One of the most common reasons for a pediatric visit to urgent care or the emergency department is an ear complaint. Traditional otoscopes are challenged by being able to obtain a diagnostic image in a small, partially occluded ear canal in a squirming patient. In addition, a traditional otoscope does not have have the ability to document the exam and track for changes. In this article WiscMed presents an imaging study using the Wispr otoscope spanning from the initial diagnosis of acute otitis media (AOM) to it’s resolution. Key features of each image are annotated and described.
An 18-month-old female is brought into the emergency department (ED) with concerns for vomiting, fever and fussiness. The child had historically been well and is age-appropriate vaccinated. The symptoms began 2 days earlier. Symptoms initially included pulling at the ears, escalating to vomiting, poor feeding and fever to 103 F. The parents treated with antipyretics but became concerned when the child seemed to be declining further. They brought her to the ED with a primary concern of dehydration. In the ED, she was found to have brisk capillary refill, elevated heart rate and a fever of 102 F. Influenza and COVID tests were both negative. Urinalysis was also negative. The following image of her left ear was obtained.
Day 0 left ear exam – does not meet criteria for acute otitis media (AOM)
The day 0 exam reveals a tympanic membrane (TM) that is clearly not normal. There is bulging of the pars flaccida, an air-fluid level and purulence in the middle ear space. The presence of the air-fluid level, and the lack of bulging of the pars tensa suggests that this currently represents a middle ear effusion (MEE) with a functioning Eustachian tube. In consultation with the mother, antibiotics were not initiated at this visit.
The mother returned with the child the next day. The child continued to have a fever, vomiting and diminished wet diapers. A repeat exam of the left ear revealed the following.
Day 1 left ear exam – meets criteria for AOM
The pathology in the left ear has evolved since day 0. Now, there is loss of the malleus bony landmark, bulging of the pars tensa and scant air-fluid. The remaining air-fluid is likely trapped and not an indication of a functioning Eustachian tube. This image meets the diagnostic criteria for acute otitis media. The child was started on antibiotic therapy.
Day 2 left ear exam – child had received one dose of antibiotics
The day 2 exam is perhaps slightly worse than the day 1 exam. At this time, the child had taken one dose of antibiotics. There continues to be bulging, erythema and loss of bony landmarks. In addition, the air-fluid level is gone confirming that the Eustachian tube is not venting the middle ear space to the posterior nasopharynx.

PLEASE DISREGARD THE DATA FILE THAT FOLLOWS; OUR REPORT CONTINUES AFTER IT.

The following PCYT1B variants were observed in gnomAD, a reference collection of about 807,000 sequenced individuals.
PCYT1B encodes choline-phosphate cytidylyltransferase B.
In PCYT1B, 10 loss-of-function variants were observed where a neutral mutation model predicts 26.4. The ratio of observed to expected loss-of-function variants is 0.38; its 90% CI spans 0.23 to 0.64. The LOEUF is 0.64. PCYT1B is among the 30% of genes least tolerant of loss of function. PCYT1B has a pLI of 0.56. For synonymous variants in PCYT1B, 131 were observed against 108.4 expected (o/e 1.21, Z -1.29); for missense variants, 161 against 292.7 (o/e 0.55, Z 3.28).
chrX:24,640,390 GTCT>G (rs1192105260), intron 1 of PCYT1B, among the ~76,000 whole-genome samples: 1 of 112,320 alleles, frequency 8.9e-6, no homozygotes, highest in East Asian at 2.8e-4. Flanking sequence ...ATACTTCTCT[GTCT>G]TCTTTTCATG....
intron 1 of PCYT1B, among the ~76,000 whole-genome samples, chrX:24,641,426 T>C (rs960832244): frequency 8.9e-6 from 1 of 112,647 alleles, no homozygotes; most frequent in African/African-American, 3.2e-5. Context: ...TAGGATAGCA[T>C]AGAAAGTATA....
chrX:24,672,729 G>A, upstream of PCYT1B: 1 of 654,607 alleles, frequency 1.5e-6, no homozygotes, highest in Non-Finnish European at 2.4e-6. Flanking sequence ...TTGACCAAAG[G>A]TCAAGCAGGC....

Day 3 left ear exam – mild improvement
The day 3 left ear exam is notably improved. The child has had 3 doses of antibiotic. The bulging of the pars tensa is resolving, the short process of the malleus is discernable and there is once again an air-fluid level. Clinically, the child looked much better at this visit. The mother reported that her fever had resolved and that she was eating and drinking with more enthusiasm.
Day 4 left ear exam – continued improvement
On the day 4 exam, the air-fluid level is more apparent. Pars tensa (PT) bulging continues to improve.
Day 5 left ear exam – continued improvement
On the day 5 exam, the purulence behind the TM is resolving.
Day 6 left ear exam – presence of air-fluid bubbles
On the day 6 exam, air-fluid bubbles are clearly present. The bulging of the pars tensa has almost completely resolved. There is still bulging of the pars flaccida (PF). The short process of the malleus is discernable, but the remainder of the ossicle is indistinct.
Day 7 exam – similar to day 6
Day 8 exam – shagrination developing
The day 8 exam shows a feature often found in resolving AOM. Shagrination (cobble stoning) of the tympanic membrane occurs as the bulging of the TM subsides. Shagrination might be thought of as “tympanic membrane stretch marks.”
Day 9 exam – emergence of a “mud spot”
The day 9 exam shows another feature commonly found in resolving AOM. Mud spots are well described in Chapter 9 of Dr. Michael Poole’s excellent book, “Otitis: The Expert’s Diagnostic Guide.” Mud spots are often found in cases of resolving acute otitis media. They are typically seen from one to eight weeks after AOM and are located on the medial surface (middle ear surface) of the TM. Mud spots are thought to be from aggregation of inflammatory cells secondary to the resolving infection. The spots resolve with time as can be seen in the panels below. The mud spots appear to resolve more quickly if there is no middle ear effusion present. Dr. Poole has introduced the term Resolving Middle Ear Muco-Purulence (REMEMP) as a more academic term than “mud spots.”
Day 12 left ear exam – prominent mud spot
On the day 12 exam, the pars flaccida is still mildly bulging, shagrination is present and the mud spot has organized and coalesced.
Day 14 left ear exam – mud spot resolving
Day 25 – shagrination of the pars flaccida
On the day 25 exam, the left ear has almost returned to normal. The mud spot has mostly resolved. Erythema is gone. Most of the malleus is discernable. The shagrination of the pars flaccida suggests that the bulging in this area of the TM is also resolving.
Here are the daily exams in sequential order.
The videos and images from the daily exams for this case are available here for download. WiscMed requests attribution if these are used in a presentation.
James Berbee, MD